Treatment of newly diagnosed AML in older adults: ASH Guideline
USA: The American Society of Hematology (ASH) has released an updated guideline for the treatment of newly diagnosed acute myeloid leukemia in older adults.
The guidelines, published in the journal Blood Advances, are intended to support patients, clinicians, and other health care professionals in their decisions about management of AML in older adults.
Key recommendations include:
- For older adults with newly diagnosed AML who are candidates for such therapy, the American Society of Hematology (ASH) guideline panel recommends offering antileukemic therapy over best supportive care.
- For older adults with newly diagnosed AML considered candidates for intensive antileukemic therapy, the ASH guideline panelsuggests intensive antileukemic therapy over less-intensive antileukemic therapy.
- For older adults with AML who achieve remission after at least a single cycle of intensive antileukemic therapy and who are not candidates for allogeneic hematopoietic stem cell transplantation (HSCT; allo-HSCT), the ASH guideline panel suggestspostremission therapy over no additional therapy.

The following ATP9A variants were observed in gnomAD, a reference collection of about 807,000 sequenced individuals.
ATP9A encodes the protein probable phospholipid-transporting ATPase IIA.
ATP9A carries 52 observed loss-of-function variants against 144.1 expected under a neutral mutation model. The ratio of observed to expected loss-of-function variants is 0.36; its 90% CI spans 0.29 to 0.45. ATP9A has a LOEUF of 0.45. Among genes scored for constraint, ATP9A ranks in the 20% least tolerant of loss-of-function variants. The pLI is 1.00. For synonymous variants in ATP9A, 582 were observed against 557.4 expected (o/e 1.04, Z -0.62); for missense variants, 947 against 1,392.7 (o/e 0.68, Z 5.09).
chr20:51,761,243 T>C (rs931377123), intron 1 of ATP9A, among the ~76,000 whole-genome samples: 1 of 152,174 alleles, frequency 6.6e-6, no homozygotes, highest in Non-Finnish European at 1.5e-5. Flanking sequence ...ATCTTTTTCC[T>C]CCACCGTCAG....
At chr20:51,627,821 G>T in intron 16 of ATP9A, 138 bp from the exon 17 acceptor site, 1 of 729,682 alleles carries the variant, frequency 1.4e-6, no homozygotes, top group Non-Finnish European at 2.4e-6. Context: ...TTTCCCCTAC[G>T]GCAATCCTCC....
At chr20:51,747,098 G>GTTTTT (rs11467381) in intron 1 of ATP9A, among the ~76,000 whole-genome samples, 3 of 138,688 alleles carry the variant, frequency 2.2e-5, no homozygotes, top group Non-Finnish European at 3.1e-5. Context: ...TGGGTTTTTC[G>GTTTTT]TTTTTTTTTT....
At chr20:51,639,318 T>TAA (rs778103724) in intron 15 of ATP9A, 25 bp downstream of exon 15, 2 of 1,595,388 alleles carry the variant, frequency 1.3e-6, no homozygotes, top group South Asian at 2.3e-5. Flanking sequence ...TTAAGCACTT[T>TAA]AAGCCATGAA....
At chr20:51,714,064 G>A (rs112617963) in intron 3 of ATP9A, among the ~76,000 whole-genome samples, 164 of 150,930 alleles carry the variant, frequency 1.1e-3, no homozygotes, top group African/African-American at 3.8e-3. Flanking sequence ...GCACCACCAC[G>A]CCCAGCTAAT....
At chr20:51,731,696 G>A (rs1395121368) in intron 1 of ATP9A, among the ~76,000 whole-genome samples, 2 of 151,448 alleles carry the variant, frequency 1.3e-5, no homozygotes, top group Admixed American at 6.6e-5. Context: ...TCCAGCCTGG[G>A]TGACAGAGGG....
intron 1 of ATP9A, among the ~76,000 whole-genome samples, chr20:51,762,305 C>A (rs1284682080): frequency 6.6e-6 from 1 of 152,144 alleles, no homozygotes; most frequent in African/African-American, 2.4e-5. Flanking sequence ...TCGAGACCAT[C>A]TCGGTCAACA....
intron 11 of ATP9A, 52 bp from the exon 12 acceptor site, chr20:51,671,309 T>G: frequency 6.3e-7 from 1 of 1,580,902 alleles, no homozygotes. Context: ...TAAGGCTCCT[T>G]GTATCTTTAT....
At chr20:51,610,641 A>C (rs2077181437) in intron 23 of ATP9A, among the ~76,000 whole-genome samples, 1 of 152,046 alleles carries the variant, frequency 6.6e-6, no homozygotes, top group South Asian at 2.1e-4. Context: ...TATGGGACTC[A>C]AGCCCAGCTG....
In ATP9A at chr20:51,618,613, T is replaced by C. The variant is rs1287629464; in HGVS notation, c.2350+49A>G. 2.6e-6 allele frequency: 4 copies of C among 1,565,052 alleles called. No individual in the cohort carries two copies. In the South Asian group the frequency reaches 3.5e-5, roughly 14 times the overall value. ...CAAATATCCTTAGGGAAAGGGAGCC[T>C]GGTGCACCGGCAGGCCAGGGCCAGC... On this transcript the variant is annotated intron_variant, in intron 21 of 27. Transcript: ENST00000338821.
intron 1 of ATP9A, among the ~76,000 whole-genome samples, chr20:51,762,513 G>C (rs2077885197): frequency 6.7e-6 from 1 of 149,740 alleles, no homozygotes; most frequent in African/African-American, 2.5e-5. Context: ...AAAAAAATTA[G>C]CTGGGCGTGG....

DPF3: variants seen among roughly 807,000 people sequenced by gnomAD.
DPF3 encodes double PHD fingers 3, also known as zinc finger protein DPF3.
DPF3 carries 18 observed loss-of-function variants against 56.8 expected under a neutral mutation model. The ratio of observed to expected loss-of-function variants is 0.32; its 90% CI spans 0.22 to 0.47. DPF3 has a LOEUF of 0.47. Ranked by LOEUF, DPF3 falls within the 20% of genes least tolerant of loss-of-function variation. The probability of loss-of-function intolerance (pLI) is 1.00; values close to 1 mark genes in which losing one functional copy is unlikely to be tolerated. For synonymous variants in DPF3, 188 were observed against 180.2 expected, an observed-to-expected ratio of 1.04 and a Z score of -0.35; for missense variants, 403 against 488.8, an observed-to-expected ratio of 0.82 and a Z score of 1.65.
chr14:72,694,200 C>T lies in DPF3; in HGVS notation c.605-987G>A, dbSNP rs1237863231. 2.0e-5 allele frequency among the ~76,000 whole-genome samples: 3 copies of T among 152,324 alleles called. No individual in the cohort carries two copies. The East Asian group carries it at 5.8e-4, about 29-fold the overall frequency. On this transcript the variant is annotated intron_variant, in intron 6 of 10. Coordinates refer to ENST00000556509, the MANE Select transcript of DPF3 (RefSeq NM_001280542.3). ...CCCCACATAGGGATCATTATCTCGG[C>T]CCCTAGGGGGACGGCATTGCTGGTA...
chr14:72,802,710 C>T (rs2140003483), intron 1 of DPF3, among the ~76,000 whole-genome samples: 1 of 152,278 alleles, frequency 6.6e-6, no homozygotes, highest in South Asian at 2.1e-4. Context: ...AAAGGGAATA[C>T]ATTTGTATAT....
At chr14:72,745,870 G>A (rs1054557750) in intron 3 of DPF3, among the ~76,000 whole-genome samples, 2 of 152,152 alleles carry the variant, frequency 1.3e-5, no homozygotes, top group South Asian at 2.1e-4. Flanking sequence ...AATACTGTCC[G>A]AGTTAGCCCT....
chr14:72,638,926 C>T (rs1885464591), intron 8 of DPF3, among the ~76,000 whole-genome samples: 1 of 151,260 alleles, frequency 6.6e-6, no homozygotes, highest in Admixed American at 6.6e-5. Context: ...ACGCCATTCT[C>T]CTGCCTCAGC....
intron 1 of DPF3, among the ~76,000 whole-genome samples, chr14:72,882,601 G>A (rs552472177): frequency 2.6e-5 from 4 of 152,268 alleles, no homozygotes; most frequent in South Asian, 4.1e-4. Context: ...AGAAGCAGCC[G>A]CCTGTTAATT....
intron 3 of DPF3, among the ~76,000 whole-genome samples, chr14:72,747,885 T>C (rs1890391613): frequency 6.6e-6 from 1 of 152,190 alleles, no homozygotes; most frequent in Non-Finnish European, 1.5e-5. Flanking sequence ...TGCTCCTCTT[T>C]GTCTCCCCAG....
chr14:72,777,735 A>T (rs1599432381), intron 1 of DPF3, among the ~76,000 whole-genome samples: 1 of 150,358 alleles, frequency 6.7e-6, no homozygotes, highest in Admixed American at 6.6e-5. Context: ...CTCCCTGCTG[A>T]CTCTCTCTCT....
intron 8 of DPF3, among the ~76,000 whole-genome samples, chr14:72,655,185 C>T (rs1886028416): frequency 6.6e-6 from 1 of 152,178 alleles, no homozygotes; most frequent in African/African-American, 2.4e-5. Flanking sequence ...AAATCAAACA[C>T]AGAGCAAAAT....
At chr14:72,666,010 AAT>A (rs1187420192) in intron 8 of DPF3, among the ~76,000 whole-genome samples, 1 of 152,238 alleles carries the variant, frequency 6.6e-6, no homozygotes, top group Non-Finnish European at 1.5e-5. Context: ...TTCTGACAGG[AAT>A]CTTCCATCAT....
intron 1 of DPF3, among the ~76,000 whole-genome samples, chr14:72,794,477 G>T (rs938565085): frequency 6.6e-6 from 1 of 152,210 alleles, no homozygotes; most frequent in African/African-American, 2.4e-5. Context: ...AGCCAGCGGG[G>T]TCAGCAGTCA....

- For older adults with AML considered appropriate for antileukemic therapy but not for intensive antileukemic therapy, the ASH guideline panel suggests using either of the options when choosing between hypomethylating-agent monotherapy and low-dose-cytarabine monotherapy.
- For older adults with AML considered appropriate for antileukemic therapy (such as hypomethylating agents [azacitidine and decitabine] or low-dose cytarabine) but not for intensive antileukemic therapy, the ASH guideline panel suggests using monotherapy with 1 of these drugs over a combination of 1 of these drugs with other agents.
- For older adults with AML who achieve a response after receiving less-intensive therapy, the ASH guideline panel suggestscontinuing therapy indefinitely until progression or unacceptable toxicity over stopping therapy.
- For older adults with AML who are no longer receiving antileukemic therapy (including those receiving end-of-life care or hospice care), the ASH guideline panel suggests having red blood cell (RBC) transfusions be available over not having transfusions be available. There may be rare instances where platelet transfusions may be of benefit in the event of bleeding, but there are even less data to support this practice and it is anticipated that platelet transfusions will have little or no role in end-of-life or hospice care.
"Treatment is recommended over best supportive management. More-intensive therapy is recommended over less-intensive therapy when deemed tolerable. However, these recommendations are guided by the principle that throughout a patient's disease course, optimal care involves ongoing discussions between clinicians and patients, continuously addressing goals of care and the relative risk-benefit balance of treatment," wrote the authors.
"American Society of Hematology 2020 guidelines for treating newly diagnosed acute myeloid leukemia in older adults," is published in the journal Blood Advances.